Tuesday, 14 August 2012

Ambush marketing and the Olympics

The Olympics is finally over and sports fans around the world can stop trying to set records for TV watching. But while most people were happy to doze, waiting for the ladies’ beach volleyball or similarly riveting viewing, IP litigators were focussing not on the on-screen sport but on the crowds, watching for the flash of an orange skirt or the glimpse of a Nike swoosh. Sadly, one of the most unsporting of ambush marketing attempts took place out of public view, in the athletes’ Olympic village. The Guardian reports here that an athlete posted a photo of a bucket full of condoms ‘which featured a sign reading "Kangaroos condoms, for the gland downunder", and a picture of a boxing kangaroo’. Unfortunately, the Guardian continues, ‘the London Olympic organisers provided 150,000 free condoms in dispensers for the 10,800 athletes at the Games, supplied by Durex which paid for the supply rights’ and so these additional supplies were not welcome.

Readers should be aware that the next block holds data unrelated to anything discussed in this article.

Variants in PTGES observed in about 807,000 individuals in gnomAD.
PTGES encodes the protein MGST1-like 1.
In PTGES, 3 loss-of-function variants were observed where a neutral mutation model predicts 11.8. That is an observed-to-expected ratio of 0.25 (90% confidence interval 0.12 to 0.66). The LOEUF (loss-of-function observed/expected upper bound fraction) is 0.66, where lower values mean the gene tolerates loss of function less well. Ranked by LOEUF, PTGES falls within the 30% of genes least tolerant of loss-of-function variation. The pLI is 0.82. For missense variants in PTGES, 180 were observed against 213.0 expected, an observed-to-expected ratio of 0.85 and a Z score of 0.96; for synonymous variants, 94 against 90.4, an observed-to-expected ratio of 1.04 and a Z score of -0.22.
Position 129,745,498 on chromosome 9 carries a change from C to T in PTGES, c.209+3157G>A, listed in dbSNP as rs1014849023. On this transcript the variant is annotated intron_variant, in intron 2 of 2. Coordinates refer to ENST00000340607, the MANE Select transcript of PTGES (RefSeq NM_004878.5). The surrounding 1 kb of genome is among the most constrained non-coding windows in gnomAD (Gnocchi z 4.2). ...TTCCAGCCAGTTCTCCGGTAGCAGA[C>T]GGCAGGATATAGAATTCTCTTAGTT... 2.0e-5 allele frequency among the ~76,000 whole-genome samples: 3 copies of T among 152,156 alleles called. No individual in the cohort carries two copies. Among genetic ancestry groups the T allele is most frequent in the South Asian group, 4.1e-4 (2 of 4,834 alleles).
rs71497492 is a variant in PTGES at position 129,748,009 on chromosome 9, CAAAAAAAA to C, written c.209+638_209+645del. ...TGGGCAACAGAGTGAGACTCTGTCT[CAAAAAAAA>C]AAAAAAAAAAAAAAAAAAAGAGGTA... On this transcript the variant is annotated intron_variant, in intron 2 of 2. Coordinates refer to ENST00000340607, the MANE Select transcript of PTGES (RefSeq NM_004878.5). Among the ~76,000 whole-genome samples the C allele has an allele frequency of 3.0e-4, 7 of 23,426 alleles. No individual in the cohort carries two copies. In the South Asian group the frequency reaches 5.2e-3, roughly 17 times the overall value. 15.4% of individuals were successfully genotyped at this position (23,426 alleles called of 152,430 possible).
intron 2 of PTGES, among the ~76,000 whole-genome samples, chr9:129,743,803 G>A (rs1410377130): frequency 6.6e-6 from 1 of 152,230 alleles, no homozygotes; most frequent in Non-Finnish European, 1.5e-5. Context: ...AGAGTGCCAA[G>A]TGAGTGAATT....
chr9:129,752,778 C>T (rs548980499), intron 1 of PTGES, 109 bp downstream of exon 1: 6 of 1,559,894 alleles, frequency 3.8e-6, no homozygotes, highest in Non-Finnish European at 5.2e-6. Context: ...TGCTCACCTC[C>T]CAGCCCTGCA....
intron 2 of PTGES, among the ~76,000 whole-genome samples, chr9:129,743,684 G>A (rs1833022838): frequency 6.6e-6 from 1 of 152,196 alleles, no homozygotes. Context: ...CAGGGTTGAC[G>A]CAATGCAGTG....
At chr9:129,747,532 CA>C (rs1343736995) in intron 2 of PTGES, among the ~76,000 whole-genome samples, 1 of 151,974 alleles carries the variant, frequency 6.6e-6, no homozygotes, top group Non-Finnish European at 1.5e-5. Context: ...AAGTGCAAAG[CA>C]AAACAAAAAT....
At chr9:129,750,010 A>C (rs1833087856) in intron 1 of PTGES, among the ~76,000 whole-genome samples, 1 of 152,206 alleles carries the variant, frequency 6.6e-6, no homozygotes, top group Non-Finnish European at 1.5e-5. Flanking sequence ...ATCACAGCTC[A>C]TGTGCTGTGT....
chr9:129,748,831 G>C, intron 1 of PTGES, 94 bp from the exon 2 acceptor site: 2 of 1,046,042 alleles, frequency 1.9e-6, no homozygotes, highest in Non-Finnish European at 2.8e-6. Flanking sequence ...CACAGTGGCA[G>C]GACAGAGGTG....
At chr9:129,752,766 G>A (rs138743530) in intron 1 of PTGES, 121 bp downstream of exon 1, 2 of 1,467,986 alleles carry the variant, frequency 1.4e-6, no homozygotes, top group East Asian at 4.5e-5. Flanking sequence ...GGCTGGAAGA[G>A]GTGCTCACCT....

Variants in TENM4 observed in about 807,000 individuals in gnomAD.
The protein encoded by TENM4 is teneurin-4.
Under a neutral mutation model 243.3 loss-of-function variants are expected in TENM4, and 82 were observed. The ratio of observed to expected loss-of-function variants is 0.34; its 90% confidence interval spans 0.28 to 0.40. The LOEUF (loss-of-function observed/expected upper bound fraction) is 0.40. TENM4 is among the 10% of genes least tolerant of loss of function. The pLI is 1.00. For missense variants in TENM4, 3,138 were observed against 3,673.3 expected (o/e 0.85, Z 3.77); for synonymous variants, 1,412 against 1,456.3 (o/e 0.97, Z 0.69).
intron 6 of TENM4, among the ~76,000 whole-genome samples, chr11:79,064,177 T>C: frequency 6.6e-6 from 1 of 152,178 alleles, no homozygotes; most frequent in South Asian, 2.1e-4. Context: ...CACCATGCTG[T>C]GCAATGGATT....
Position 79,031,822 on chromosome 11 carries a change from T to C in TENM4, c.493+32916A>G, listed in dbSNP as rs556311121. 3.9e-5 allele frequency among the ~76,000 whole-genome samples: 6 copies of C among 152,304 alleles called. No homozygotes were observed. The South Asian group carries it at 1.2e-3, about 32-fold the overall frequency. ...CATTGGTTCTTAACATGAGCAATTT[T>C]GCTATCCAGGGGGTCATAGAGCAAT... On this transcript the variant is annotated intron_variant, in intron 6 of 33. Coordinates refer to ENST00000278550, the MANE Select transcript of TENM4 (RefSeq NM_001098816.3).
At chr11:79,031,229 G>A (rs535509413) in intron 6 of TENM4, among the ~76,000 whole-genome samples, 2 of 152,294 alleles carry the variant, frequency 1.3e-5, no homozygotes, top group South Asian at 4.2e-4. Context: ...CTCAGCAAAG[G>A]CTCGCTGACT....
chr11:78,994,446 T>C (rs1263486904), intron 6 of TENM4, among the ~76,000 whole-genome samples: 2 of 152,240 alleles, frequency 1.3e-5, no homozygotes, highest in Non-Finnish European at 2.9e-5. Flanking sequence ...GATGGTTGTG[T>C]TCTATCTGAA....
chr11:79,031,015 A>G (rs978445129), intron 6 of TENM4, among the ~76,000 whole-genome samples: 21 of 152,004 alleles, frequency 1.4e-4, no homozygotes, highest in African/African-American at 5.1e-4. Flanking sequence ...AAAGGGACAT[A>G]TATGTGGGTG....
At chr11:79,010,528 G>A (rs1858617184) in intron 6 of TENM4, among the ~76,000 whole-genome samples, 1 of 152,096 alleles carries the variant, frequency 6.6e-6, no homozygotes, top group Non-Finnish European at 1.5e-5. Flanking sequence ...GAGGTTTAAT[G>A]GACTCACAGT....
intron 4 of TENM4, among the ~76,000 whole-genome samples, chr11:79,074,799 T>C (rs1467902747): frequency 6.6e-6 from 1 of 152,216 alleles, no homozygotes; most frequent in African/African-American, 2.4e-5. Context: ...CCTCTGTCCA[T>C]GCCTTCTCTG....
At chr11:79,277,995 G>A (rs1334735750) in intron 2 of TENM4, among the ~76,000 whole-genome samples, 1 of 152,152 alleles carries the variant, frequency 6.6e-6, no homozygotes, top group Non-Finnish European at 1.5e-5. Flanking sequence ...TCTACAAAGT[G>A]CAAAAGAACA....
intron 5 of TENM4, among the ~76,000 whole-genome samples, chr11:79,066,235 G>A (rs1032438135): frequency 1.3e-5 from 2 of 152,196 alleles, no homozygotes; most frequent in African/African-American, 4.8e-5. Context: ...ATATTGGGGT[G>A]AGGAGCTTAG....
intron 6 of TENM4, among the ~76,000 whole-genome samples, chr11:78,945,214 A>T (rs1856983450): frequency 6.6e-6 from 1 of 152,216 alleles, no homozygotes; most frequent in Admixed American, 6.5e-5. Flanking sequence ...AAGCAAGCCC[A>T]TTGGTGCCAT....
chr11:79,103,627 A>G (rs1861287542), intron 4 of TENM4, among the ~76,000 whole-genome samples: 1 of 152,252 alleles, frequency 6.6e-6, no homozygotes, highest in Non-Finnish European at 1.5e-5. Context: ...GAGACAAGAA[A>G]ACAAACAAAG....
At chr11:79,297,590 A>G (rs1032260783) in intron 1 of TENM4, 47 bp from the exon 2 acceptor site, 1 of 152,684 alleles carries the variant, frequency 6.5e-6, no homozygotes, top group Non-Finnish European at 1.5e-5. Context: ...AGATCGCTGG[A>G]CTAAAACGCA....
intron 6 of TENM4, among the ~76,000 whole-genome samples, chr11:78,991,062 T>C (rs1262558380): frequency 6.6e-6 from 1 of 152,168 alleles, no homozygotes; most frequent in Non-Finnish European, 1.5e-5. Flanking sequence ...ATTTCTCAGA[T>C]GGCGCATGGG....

As the author of a recent publication on ambush marketing put it, it was fortunate that the London Olympic Games Organising Committee had to deal with the problem, and that it did not happen during the Vancouver Winter Olympics, when the Canadian Organising Committee would have been tasked with the matter.
And the best that South Africa could produce in the ambush marketing stakes was some lollipops and orange miniskirts!

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